Date of Award


Document Type


Degree Name

Master of Science (MS)


Biomedical and Chemical Engineering and Sciences

First Advisor

Venkat Keshav Chivukula

Second Advisor

Mehmet Kaya

Third Advisor

James R. Brenner

Fourth Advisor

Andrew D. Knight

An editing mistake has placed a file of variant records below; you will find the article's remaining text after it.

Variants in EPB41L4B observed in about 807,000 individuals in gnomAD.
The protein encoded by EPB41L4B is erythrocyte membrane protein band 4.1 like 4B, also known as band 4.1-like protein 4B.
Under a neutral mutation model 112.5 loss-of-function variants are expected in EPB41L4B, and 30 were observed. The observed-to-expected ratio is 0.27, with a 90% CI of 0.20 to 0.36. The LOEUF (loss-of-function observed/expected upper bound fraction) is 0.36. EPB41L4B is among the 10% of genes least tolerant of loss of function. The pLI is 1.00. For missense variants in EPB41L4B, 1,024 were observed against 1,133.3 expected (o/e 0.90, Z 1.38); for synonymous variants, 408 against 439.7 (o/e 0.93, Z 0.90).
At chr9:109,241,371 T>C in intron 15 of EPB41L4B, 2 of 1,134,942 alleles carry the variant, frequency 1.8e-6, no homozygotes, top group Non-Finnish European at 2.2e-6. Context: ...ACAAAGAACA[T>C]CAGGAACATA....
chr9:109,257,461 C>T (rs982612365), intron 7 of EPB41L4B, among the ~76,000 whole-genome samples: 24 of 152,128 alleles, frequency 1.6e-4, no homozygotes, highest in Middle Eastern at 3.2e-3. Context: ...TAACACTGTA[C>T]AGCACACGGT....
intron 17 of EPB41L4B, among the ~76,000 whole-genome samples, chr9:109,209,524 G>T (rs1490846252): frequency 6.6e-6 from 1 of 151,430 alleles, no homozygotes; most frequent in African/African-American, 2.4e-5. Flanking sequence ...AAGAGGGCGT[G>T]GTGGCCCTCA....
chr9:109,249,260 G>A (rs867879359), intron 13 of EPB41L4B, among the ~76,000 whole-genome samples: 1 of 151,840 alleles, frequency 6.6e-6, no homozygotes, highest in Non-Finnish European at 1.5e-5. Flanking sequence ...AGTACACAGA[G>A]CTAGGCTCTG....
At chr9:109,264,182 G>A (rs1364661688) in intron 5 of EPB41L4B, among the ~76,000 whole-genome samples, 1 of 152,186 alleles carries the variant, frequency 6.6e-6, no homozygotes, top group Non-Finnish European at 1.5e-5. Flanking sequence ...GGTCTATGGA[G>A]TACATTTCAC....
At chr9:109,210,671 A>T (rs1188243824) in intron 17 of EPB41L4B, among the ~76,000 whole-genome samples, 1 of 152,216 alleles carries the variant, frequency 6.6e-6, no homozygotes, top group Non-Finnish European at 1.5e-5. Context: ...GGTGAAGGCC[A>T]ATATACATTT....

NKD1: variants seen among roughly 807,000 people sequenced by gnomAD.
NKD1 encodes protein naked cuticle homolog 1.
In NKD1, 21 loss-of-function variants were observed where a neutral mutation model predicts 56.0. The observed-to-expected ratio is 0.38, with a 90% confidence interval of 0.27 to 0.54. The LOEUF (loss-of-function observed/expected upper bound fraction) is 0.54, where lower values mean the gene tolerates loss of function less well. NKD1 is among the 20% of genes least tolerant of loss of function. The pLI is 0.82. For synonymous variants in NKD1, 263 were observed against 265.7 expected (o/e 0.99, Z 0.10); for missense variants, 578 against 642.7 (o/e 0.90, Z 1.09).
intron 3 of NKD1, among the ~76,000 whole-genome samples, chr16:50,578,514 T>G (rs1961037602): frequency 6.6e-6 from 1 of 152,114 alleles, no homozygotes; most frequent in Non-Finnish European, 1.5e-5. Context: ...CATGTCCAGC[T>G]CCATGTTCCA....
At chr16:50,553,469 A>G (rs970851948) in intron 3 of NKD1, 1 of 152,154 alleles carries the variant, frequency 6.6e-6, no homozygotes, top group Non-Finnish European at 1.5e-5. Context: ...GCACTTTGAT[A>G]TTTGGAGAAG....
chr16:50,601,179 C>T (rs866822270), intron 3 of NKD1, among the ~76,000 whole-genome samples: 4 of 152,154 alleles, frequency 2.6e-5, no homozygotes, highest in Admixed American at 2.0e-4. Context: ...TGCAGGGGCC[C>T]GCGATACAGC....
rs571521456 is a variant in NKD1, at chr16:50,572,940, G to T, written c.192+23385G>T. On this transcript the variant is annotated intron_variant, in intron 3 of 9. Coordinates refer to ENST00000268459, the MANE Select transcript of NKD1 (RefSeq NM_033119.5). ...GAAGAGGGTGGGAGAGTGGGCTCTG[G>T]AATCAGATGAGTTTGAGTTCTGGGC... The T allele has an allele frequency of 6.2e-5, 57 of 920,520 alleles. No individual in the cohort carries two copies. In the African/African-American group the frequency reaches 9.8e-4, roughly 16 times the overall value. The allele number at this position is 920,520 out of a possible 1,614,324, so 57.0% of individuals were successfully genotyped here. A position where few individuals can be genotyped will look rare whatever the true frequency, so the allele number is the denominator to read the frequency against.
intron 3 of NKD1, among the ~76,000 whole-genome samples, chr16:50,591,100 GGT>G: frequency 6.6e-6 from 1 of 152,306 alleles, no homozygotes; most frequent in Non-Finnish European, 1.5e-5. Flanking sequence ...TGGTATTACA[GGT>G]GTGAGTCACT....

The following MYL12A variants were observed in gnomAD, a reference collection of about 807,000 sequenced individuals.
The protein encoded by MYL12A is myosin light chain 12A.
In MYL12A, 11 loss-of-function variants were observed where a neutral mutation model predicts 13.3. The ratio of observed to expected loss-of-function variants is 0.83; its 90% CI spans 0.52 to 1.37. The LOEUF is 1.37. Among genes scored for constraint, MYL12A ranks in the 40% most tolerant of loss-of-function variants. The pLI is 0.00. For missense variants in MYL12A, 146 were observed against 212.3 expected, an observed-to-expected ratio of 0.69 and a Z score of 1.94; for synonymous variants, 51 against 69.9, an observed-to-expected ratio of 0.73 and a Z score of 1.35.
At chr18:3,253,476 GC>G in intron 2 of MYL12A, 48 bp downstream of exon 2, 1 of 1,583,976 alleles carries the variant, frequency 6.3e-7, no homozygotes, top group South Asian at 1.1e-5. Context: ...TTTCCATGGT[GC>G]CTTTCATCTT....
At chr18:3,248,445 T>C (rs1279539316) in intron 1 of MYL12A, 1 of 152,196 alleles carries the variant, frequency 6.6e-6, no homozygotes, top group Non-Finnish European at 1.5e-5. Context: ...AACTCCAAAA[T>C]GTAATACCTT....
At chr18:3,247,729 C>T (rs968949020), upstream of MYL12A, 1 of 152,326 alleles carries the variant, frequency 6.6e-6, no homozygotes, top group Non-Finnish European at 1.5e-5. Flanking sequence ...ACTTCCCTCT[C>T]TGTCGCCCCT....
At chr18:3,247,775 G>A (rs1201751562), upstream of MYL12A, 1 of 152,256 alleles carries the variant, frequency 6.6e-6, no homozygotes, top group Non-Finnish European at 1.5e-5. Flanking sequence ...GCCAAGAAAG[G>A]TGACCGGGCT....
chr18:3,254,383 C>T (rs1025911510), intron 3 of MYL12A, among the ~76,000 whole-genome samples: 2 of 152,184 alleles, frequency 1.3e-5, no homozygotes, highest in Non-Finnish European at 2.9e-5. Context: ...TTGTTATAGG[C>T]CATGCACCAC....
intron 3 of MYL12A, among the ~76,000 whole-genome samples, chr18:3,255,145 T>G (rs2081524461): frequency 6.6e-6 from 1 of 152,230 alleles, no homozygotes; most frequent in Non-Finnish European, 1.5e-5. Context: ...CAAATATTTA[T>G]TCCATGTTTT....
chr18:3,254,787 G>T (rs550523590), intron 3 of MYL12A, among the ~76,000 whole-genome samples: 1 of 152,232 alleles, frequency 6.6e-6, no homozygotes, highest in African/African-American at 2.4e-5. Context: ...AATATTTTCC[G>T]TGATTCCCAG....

The best treatment for patients with end stage heart failure is a heart transplant but given the scarcity of donor hearts, a promising alternative treatment has become left ventricular assist devices (LVAD). However, complications such as right heart failure, stroke, and adverse hemodynamic outcomes continue to occur. This thesis will cover investigations into continuous flow LVAD treatment optimization techniques to improve patient outcomes. Optimization techniques explored include an in-house developed optimization algorithm that is completed in three phases on a computational lumped parameter model that is representative of the cardiovascular system using an electrical circuit analogy. This three-phase optimization technique is tested on two patient cohorts by (1) specifying the model to the patient, (2) performing virtual blood pressure management, and (3) LVAD speed optimization. Another optimization technique investigated is the use of speed modulation waveforms. Changes to characteristics of the waveform are explored to assess the effects on the cardiovascular system via the computational model. These waveform characteristics include baseline speed, duration of speed modulation, and the drop in speed. Speed modulation waveforms allow pressure to build up in the left ventricle, allowing for the aortic valve to open. In the treatment of continuous flow LVADs the aortic valve is an area of stagnation, where platelet activation can occur, thereby leading to thrombi formation. Results from these investigations reveal that understanding the pump-patient interaction is essential to improving patient hemodynamics. Furthermore, changes must be made to both blood pressure and LVAD speed to meet hemodynamic targets. In addition, both sets of patient data revealed that patients operating at higher LVAD speeds and with higher flows may benefit most from speed optimization. The exploration of the square speed modulation waveform reveals that lower baseline speeds, longer duration of speed modulation, and bigger drops in speed lead to increased chances for the aortic valve to open, thus improving thrombogenicity. The information obtained from this work provides clinicians with insights into improvement techniques for LVAD therapy that may lead to better patient outcomes.


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